Testing waveforms/stressing the network:
At White Sands, Soldiers maneuvered various platforms at vast distances away from one another to see if they could maintain network connectivity. The network was stressed during numerous operational vignettes and experienced the diverse temperatures, environmental factors and altitudes of White Sands.
The Army's three network waveforms were established based on the amount of information passed across each, said Rick Cozby, PEO Integration's associate director for C4ISR testing. Smaller echelons share less information, which lessens bandwidth requirements, he explained. This allows Soldiers to operate successfully with smaller, more portable radios than those needed at higher echelons.
In today's tactical environment, the Soldier Radio Waveform, or SRW, operates at the lowest level echelon, providing information to individual Soldiers or teams within a company. As echelon levels increase, more tactical data is shared and the large communications pipe of Wideband Network Waveform, or WNW, is a necessary provision.
With the WNW, Soldiers use the Network Integration Kit, or NIK, which integrates radios with computer-based applications and can be mounted directly into a platform. Connectivity is achieved through an aerial layer using the Joint Tactical Radio System attached to unmanned aerial vehicles and other components such as airships and Rapid Aerostat Initial Deployment, or RAID towers.
The final Network Centric Waveform, or NCW, is the satellite layer, which allows warfighters to access the Internet and share voice, video and data across the globe. Today, these capabilities are achieved through WIN-T Increment One. A backbone air tier will be fielded in WIN-T Increment Three, which will bring a network backbone which can maintain connectivity at all times, regardless of whether a platform is moving or stationary.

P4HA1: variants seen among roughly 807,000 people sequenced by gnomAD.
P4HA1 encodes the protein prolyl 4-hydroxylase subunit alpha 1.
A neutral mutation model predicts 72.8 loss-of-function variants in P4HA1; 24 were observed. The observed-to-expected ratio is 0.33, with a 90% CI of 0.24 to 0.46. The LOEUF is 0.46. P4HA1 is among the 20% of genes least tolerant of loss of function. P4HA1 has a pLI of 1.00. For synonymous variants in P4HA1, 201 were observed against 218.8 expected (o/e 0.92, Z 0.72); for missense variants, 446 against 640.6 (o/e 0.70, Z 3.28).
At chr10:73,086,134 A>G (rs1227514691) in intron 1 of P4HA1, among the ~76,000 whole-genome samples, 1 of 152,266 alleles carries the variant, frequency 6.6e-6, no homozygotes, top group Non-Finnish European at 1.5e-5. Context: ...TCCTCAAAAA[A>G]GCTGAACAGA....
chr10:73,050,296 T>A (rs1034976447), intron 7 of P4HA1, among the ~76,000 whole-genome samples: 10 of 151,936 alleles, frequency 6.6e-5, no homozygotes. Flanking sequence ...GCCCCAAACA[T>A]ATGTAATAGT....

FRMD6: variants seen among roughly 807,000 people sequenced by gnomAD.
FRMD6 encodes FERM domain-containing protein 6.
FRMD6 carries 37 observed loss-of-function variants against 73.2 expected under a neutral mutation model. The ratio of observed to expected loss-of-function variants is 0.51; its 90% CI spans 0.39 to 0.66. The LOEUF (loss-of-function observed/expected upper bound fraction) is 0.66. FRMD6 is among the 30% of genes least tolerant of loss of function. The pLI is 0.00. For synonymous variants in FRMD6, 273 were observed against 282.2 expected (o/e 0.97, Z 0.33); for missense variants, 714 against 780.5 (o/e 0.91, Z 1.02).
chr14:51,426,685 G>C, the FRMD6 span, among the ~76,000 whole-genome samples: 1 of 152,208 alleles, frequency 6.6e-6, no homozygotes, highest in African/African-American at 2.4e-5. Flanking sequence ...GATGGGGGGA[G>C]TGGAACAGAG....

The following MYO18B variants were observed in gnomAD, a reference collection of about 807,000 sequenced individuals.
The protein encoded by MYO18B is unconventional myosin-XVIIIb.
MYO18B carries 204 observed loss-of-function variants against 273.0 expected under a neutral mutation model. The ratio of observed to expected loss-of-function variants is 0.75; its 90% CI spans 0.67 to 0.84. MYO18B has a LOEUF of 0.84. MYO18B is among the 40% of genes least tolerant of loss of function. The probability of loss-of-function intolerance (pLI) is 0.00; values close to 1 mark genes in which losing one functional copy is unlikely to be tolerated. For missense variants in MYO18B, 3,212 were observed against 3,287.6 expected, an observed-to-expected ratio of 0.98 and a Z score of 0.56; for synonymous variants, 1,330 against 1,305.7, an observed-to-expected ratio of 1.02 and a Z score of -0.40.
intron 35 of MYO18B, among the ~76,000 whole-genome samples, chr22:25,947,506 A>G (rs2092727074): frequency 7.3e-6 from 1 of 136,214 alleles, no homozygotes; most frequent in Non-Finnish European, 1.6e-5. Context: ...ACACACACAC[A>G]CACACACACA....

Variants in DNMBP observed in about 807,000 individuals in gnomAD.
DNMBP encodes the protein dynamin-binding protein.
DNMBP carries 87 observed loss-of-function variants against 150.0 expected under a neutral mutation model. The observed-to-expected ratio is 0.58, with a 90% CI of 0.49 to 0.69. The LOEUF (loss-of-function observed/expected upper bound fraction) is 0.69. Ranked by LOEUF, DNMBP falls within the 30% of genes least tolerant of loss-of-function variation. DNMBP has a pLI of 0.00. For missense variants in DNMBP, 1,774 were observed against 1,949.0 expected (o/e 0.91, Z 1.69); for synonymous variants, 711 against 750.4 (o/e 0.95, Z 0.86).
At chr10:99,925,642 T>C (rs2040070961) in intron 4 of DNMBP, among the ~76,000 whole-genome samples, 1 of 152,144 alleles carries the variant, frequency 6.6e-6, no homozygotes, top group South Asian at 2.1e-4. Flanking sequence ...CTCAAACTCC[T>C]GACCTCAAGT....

The three separate waveforms were integrated to provide connectivity from the lowest to highest echelons, which was the point of the exercise. Cozby noted that acquisition programs of record exist to build the various waveforms and the associated radios, but there is no program of record designed to integrate them with each other. This was accomplished by the Army's new PEO for Integration, which was created as a result of an acquisition decision memorandum in December 2009 laying out the networks for 2011 and 2017.
In conjunction with that memorandum Gen. Peter W. Chiarelli, the vice chief of staff of the Army, required a demonstration of the Army network intended for 2017 during the year 2011.
The exercise demonstrated that this future network will be operationally relevant and functional, Bartley said.
"These emerging technologies will provide vital capability to our deployed forces and ensure that we keep our Soldiers equipped with best kit available," said Brig. Gen. N. Lee S. Price, the program executive officer for C3T.
Though the future WIN-T network will use either commercial KU-Band or military Wideband Global Satellite, know as WGS Communications satellites, only commercial satellites were used in the exercise, DeGroodt said.
Operational relevance from the company to the world:
As units in Afghanistan and Iraq maneuver in a dispersed fashion, the exercise demonstrated that the Army will be able to connect higher echelons to the rifleman and vice versa. Doing so, will empower the company commander, McNulty said.
"Providing the company commander with situational awareness and real-time actionable intelligence is critical to allowing the riflemen to conduct their mission," he said.
The future network was demonstrated during the past week, by connecting the SRW to WNW, which was then connected to the NCW. This capability will allow individual Soldiers to speak and share information with the battalion-level and above commanders and vice versa. In this case, information was passed from a brigade tactical command post at Aberdeen Proving Ground to White Sands.